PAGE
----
New findings from La Trobe University and the Royal Women’s show one-to-one midwifery care improves women’s experience of childbirth
La Trobe University, with the Royal Women’s Hospital (the Women’s), have just published a study in An International Journal of Obstetrics and Gynaecology (BJOG) that found that women who receive care from a primary midwife are more likely to have a positive experience of childbirth.
The COSMOS trial – Comparing Standard Maternity care with One-to-One Midwifery Support – is the world’s largest clinical trial of its kind. More than 2,300 women at low risk of medical complications took part.
It also found that women who received care from a primary midwife coped better physically and emotionally and were less anxious during their labour and birth.
Women also felt an increase in control, better able to express their feelings and were more likely to report that they had a positive experience of their childbirth pain. They were less likely overall to report a very negative childbirth experience.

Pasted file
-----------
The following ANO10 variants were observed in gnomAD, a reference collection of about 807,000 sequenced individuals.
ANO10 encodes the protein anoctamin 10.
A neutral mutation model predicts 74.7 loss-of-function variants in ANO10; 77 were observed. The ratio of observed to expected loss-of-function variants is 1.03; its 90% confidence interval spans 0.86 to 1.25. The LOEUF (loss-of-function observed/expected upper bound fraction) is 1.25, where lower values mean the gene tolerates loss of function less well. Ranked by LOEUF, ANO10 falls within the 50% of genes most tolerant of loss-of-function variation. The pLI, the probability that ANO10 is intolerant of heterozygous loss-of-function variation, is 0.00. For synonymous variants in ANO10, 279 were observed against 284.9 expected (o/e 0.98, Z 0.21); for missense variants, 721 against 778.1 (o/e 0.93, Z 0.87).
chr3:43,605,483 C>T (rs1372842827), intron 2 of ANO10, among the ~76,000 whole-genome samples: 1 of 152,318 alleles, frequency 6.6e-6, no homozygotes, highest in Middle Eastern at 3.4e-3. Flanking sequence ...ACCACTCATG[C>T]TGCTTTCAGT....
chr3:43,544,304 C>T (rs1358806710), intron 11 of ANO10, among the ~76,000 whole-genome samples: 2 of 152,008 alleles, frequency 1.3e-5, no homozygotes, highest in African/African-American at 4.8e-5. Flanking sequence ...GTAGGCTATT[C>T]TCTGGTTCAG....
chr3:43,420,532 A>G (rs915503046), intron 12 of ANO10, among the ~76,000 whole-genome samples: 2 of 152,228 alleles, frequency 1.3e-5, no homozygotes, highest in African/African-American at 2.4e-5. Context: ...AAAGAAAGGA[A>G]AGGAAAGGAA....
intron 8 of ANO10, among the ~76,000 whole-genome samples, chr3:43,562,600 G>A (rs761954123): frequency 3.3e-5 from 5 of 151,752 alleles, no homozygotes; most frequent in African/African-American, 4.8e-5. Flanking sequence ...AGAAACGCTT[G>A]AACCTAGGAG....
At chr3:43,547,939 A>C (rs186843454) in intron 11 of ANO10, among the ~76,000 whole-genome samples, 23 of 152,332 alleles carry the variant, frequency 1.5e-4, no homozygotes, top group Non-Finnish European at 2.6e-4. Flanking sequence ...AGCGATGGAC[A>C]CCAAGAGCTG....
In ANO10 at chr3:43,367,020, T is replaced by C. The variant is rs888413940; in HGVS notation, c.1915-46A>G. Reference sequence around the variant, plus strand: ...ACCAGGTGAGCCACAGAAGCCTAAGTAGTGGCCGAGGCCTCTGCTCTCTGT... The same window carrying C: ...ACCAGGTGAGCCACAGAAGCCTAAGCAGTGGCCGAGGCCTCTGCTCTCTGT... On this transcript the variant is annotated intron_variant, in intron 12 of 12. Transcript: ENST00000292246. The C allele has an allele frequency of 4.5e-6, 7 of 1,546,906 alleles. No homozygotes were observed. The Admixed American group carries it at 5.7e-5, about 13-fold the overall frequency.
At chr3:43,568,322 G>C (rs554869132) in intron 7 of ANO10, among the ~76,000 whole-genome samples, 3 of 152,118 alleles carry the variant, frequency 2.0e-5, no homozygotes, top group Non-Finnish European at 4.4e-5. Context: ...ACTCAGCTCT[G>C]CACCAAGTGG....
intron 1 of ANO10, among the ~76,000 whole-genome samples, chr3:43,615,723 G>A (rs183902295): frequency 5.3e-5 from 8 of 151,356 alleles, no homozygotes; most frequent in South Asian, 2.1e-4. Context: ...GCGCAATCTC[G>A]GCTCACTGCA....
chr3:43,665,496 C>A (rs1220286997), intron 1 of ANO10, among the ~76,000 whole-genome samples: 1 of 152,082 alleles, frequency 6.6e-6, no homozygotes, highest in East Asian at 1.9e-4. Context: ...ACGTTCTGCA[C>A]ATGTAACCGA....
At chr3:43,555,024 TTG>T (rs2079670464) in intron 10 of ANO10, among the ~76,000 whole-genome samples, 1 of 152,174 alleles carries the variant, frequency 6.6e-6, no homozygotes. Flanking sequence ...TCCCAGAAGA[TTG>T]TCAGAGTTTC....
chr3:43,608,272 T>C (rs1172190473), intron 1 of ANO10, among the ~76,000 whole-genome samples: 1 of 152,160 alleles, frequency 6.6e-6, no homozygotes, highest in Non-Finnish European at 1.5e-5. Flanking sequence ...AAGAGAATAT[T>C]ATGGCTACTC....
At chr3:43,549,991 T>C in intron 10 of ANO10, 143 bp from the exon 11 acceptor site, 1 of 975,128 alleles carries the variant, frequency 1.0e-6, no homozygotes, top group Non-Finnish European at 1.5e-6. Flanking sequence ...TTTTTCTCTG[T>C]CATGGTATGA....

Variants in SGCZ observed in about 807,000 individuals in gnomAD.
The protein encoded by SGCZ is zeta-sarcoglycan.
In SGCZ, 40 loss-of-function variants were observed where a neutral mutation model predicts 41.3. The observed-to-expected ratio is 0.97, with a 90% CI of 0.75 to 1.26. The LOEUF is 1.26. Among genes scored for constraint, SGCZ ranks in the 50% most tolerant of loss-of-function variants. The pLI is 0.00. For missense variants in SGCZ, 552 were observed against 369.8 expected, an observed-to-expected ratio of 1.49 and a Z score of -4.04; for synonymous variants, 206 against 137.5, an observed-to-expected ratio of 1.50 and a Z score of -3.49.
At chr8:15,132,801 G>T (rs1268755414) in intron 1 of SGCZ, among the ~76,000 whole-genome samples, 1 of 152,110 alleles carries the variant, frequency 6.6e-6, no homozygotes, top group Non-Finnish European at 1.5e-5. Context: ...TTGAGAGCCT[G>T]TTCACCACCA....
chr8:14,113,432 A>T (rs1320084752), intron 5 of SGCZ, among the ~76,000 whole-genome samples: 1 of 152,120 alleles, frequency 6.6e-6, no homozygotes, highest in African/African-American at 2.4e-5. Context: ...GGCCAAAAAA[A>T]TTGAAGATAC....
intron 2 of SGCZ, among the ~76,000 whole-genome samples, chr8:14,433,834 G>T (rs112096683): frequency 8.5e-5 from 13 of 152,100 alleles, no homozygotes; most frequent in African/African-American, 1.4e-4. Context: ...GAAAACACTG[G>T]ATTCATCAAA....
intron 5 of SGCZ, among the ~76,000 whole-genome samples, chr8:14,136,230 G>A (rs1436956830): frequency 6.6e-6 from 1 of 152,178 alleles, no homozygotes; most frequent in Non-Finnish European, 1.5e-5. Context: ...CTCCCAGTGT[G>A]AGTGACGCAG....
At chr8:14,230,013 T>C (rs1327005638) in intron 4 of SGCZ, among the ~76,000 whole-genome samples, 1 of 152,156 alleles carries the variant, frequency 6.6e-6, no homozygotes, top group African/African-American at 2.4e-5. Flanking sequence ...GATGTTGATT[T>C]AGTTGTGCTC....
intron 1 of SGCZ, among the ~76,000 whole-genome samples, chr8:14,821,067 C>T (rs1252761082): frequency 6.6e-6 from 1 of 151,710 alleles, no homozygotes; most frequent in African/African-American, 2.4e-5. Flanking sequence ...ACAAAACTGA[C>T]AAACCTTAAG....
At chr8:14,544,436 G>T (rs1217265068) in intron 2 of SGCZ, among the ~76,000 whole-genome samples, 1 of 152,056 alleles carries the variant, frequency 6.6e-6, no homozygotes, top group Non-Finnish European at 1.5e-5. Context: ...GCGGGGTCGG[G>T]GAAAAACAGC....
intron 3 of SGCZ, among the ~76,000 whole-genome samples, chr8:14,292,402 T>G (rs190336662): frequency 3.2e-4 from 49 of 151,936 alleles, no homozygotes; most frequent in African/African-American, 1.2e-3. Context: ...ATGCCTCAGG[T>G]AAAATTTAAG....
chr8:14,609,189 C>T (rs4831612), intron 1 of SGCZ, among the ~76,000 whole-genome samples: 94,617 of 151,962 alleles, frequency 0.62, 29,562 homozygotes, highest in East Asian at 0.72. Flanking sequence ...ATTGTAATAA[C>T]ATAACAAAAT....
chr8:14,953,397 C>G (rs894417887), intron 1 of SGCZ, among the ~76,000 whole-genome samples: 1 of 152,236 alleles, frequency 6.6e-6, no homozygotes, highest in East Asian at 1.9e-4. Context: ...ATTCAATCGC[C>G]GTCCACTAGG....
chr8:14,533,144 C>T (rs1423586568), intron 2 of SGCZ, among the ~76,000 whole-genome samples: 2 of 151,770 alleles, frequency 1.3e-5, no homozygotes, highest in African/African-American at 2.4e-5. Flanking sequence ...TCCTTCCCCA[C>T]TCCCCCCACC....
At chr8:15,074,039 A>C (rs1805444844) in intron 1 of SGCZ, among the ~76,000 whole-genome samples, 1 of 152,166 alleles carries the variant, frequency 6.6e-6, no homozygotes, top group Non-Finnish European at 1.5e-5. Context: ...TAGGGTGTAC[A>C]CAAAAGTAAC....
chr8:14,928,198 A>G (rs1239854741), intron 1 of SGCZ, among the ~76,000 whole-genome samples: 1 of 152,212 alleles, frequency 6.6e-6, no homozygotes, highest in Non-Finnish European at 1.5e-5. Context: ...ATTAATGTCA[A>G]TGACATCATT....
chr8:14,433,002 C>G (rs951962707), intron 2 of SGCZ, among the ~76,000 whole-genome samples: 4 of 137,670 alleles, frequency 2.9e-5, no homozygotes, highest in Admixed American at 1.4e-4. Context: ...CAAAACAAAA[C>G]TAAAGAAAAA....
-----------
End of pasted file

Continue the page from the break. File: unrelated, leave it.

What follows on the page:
The primary midwife model (or ‘know your midwife’) involves women being looked after by the same midwife (or a back-up) throughout pregnancy, birth and in the early postnatal period.
The study’s lead author La Trobe Professor Helen McLachlan said the findings were significant.
‘The relationship that’s established between women and their midwife during pregnancy really appears to help build women’s sense of confidence in themselves which leads to a more positive birth experience’.
Co-author, Professor of Midwifery at the Women’s Della Forster said there’s now a large body of evidence showing primary midwife-led care has many benefits for mothers and babies.
‘This includes less medical intervention and improved childbirth experiences for women,’ Professor Forster said.
The study was the first trial of caseload midwifery in Australia and only the fourth internationally. The results will assist policy makers and maternity services in planning for future models of maternity care in Australia and internationally.
(Source: La Trobe University, An International Journal of Obstetrics and Gynaecology (BJOG))